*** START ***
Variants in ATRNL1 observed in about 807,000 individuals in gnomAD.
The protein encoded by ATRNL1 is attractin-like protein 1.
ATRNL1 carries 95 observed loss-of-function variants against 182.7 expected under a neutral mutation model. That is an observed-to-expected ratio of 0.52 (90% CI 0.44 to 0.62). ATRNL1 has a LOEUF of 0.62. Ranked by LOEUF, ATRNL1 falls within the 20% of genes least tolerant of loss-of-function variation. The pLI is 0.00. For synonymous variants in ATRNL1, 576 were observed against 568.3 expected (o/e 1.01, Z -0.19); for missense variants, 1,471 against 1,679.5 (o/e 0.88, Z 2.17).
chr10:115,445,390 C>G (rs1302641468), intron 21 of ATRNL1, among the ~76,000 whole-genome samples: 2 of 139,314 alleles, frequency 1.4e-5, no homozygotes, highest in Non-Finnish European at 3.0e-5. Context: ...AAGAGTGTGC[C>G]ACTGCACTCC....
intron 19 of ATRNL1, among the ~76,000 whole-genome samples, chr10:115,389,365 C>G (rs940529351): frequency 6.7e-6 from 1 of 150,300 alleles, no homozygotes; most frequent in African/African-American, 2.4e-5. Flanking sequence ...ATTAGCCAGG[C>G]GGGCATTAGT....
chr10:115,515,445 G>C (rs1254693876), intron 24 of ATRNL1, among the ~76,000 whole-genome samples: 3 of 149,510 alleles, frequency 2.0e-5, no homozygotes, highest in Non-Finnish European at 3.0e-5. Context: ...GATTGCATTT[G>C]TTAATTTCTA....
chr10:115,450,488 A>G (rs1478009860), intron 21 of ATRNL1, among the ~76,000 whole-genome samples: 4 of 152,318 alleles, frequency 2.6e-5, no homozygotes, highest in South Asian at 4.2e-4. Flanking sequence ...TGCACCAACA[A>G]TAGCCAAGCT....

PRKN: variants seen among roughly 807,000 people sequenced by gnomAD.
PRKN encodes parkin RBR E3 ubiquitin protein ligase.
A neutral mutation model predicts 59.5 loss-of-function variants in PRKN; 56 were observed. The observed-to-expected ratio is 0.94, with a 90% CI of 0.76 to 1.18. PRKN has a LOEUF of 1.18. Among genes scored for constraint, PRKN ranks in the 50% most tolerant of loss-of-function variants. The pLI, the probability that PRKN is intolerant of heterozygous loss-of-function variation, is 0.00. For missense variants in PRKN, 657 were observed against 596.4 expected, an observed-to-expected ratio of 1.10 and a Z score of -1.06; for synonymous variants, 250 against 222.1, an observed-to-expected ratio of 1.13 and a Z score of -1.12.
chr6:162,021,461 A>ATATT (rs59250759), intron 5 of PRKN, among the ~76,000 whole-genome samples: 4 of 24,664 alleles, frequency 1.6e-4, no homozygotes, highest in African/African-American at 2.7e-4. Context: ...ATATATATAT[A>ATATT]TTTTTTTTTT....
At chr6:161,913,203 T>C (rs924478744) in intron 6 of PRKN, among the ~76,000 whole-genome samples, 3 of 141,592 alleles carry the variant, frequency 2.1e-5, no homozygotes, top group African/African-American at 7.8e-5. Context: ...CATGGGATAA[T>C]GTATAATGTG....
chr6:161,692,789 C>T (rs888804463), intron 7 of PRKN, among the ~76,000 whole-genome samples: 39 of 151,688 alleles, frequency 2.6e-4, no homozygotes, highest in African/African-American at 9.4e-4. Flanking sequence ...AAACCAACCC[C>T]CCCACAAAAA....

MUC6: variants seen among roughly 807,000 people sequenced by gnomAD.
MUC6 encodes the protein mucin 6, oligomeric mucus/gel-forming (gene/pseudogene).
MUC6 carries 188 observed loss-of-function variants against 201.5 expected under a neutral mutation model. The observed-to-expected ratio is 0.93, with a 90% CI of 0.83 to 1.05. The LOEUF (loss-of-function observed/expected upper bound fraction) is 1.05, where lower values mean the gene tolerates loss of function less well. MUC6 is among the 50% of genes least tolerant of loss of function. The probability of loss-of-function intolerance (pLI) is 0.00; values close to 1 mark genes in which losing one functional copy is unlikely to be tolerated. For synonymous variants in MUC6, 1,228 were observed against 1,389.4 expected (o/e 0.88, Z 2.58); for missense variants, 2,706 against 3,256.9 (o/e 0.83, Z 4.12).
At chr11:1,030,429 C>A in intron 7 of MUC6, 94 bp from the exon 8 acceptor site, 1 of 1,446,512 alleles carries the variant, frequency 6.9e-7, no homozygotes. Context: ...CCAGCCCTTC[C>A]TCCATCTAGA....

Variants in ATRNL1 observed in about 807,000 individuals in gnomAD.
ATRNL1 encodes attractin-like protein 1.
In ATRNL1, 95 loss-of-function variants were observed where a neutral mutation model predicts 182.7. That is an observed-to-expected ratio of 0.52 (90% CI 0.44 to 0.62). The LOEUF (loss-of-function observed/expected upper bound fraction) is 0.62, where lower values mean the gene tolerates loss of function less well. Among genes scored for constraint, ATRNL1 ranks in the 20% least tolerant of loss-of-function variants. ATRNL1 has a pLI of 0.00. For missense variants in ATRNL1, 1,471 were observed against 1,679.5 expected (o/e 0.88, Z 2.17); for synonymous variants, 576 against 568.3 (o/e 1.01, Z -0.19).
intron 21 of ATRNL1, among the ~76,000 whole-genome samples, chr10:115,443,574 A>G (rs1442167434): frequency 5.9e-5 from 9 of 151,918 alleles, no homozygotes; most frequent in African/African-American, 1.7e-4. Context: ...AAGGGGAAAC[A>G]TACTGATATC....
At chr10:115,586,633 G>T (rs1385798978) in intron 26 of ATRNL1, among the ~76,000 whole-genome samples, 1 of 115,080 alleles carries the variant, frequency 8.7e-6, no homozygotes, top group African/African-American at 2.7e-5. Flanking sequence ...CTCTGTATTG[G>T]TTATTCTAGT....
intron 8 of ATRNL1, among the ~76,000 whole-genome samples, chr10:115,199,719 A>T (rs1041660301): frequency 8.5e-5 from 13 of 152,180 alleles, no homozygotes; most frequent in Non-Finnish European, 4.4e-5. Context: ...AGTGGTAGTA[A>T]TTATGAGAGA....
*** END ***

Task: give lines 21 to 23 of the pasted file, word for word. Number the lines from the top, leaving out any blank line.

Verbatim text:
intron 21 of ATRNL1, among the ~76,000 whole-genome samples, chr10:115,443,574 A>G (rs1442167434): frequency 5.9e-5 from 9 of 151,918 alleles, no homozygotes; most frequent in African/African-American, 1.7e-4. Context: ...AAGGGGAAAC[A>G]TACTGATATC....
At chr10:115,586,633 G>T (rs1385798978) in intron 26 of ATRNL1, among the ~76,000 whole-genome samples, 1 of 115,080 alleles carries the variant, frequency 8.7e-6, no homozygotes, top group African/African-American at 2.7e-5. Flanking sequence ...CTCTGTATTG[G>T]TTATTCTAGT....
intron 8 of ATRNL1, among the ~76,000 whole-genome samples, chr10:115,199,719 A>T (rs1041660301): frequency 8.5e-5 from 13 of 152,180 alleles, no homozygotes; most frequent in Non-Finnish European, 4.4e-5. Context: ...AGTGGTAGTA[A>T]TTATGAGAGA....